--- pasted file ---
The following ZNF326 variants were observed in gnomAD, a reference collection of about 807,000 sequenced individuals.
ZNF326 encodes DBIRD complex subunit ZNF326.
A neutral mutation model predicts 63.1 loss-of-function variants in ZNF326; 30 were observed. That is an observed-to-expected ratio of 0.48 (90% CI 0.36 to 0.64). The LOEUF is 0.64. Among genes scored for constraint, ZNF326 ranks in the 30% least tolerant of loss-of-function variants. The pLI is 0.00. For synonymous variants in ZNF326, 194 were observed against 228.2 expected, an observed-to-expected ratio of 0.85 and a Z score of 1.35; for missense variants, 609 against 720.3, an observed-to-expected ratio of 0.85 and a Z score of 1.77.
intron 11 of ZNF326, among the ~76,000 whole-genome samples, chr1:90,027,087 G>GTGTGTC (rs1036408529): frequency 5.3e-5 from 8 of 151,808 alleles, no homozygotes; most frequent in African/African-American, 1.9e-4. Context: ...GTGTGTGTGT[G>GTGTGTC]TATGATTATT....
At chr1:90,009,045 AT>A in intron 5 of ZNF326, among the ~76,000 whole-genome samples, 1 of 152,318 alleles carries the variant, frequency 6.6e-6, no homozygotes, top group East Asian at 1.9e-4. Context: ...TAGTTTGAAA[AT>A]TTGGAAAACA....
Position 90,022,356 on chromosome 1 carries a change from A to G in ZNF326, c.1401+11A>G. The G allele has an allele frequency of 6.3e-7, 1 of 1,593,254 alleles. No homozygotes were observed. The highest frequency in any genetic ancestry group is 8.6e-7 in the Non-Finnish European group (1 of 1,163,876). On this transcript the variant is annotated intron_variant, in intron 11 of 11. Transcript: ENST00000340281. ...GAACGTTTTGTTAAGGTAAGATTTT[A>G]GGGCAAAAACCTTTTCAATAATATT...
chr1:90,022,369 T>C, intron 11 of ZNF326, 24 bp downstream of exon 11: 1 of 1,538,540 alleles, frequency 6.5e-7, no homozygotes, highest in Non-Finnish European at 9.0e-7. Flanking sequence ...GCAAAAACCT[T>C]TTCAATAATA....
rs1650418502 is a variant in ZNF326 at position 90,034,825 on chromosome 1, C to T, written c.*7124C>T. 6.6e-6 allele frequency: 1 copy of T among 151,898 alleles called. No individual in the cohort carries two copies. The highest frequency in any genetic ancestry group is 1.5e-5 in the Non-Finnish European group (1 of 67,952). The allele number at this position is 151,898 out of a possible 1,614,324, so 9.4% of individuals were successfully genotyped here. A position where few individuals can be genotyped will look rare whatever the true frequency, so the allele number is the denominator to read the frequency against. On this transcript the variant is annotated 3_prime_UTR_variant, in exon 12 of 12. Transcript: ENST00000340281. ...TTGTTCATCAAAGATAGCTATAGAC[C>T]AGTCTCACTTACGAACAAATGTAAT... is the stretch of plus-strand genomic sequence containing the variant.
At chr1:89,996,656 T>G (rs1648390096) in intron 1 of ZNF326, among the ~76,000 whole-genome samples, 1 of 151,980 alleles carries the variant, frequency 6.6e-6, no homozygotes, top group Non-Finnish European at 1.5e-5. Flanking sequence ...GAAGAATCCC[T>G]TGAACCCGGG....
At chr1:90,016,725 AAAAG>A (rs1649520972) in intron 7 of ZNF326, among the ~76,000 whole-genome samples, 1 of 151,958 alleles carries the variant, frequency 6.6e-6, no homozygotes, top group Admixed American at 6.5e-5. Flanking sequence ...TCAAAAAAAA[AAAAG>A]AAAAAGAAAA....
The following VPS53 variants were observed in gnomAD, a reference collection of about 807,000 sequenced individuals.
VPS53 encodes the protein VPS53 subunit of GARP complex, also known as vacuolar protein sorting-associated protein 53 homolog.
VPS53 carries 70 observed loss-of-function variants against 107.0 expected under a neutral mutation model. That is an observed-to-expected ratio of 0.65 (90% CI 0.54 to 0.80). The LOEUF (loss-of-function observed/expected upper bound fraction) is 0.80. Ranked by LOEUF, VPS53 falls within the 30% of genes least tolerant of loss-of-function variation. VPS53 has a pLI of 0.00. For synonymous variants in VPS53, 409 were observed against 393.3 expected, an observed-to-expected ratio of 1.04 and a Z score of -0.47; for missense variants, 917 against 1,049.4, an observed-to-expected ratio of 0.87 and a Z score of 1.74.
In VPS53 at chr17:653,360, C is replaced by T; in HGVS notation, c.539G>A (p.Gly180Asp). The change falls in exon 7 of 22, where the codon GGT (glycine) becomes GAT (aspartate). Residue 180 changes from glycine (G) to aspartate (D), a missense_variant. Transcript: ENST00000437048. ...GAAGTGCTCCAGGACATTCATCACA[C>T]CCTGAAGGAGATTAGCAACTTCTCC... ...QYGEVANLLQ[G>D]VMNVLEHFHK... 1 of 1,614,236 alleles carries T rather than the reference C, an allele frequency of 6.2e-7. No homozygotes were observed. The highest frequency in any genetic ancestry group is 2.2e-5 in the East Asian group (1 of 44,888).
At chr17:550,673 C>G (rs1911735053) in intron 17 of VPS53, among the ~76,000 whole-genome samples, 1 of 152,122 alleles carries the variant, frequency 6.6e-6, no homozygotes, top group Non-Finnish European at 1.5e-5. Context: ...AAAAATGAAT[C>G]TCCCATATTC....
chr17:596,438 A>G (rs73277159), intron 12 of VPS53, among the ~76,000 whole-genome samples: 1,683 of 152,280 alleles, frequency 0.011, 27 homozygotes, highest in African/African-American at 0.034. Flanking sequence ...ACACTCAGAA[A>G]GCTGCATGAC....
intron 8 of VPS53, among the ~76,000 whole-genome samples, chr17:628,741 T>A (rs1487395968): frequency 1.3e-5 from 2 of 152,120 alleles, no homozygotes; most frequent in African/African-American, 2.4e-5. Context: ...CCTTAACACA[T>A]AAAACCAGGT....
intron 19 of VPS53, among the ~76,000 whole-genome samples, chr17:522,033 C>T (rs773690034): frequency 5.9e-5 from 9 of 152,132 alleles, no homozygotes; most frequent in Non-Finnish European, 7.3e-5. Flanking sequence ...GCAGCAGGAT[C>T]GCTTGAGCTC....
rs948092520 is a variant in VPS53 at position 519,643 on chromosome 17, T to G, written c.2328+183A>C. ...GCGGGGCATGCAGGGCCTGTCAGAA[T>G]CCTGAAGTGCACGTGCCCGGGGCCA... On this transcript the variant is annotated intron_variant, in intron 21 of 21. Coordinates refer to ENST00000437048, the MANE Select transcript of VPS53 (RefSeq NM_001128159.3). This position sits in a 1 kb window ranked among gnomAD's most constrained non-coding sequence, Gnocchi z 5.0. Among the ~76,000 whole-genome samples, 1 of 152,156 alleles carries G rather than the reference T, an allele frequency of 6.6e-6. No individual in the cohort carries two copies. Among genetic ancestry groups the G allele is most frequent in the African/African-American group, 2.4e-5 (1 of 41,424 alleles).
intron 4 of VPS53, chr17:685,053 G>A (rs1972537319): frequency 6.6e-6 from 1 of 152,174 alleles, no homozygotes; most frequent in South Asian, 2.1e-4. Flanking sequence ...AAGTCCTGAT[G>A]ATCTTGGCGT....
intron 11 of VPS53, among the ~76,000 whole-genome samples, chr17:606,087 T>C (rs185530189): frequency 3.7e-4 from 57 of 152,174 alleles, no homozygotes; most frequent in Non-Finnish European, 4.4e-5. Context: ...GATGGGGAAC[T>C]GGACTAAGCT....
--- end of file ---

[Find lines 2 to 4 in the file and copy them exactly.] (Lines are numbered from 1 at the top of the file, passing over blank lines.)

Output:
ZNF326 encodes DBIRD complex subunit ZNF326.
A neutral mutation model predicts 63.1 loss-of-function variants in ZNF326; 30 were observed. That is an observed-to-expected ratio of 0.48 (90% CI 0.36 to 0.64). The LOEUF is 0.64. Among genes scored for constraint, ZNF326 ranks in the 30% least tolerant of loss-of-function variants. The pLI is 0.00. For synonymous variants in ZNF326, 194 were observed against 228.2 expected, an observed-to-expected ratio of 0.85 and a Z score of 1.35; for missense variants, 609 against 720.3, an observed-to-expected ratio of 0.85 and a Z score of 1.77.
intron 11 of ZNF326, among the ~76,000 whole-genome samples, chr1:90,027,087 G>GTGTGTC (rs1036408529): frequency 5.3e-5 from 8 of 151,808 alleles, no homozygotes; most frequent in African/African-American, 1.9e-4. Context: ...GTGTGTGTGT[G>GTGTGTC]TATGATTATT....